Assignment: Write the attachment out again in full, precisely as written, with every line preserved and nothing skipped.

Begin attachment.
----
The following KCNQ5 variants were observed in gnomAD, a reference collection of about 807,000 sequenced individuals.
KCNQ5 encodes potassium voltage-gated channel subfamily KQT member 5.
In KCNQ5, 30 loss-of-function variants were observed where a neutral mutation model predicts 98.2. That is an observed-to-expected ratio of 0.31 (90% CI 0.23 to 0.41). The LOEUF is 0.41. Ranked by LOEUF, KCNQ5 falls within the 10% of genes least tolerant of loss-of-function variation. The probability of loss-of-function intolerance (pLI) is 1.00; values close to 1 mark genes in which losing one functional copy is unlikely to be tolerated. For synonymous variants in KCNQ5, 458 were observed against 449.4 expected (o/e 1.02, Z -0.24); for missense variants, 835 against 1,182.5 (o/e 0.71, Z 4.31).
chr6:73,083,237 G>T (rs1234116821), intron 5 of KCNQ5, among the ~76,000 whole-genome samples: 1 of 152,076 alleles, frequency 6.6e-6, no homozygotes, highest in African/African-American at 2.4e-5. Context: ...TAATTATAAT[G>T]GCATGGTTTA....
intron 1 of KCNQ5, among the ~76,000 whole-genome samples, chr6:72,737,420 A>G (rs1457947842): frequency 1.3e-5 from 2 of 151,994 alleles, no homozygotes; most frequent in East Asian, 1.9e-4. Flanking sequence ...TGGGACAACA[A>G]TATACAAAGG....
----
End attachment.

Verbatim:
The following KCNQ5 variants were observed in gnomAD, a reference collection of about 807,000 sequenced individuals.
KCNQ5 encodes potassium voltage-gated channel subfamily KQT member 5.
In KCNQ5, 30 loss-of-function variants were observed where a neutral mutation model predicts 98.2. That is an observed-to-expected ratio of 0.31 (90% CI 0.23 to 0.41). The LOEUF is 0.41. Ranked by LOEUF, KCNQ5 falls within the 10% of genes least tolerant of loss-of-function variation. The probability of loss-of-function intolerance (pLI) is 1.00; values close to 1 mark genes in which losing one functional copy is unlikely to be tolerated. For synonymous variants in KCNQ5, 458 were observed against 449.4 expected (o/e 1.02, Z -0.24); for missense variants, 835 against 1,182.5 (o/e 0.71, Z 4.31).
chr6:73,083,237 G>T (rs1234116821), intron 5 of KCNQ5, among the ~76,000 whole-genome samples: 1 of 152,076 alleles, frequency 6.6e-6, no homozygotes, highest in African/African-American at 2.4e-5. Context: ...TAATTATAAT[G>T]GCATGGTTTA....
intron 1 of KCNQ5, among the ~76,000 whole-genome samples, chr6:72,737,420 A>G (rs1457947842): frequency 1.3e-5 from 2 of 151,994 alleles, no homozygotes; most frequent in East Asian, 1.9e-4. Flanking sequence ...TGGGACAACA[A>G]TATACAAAGG....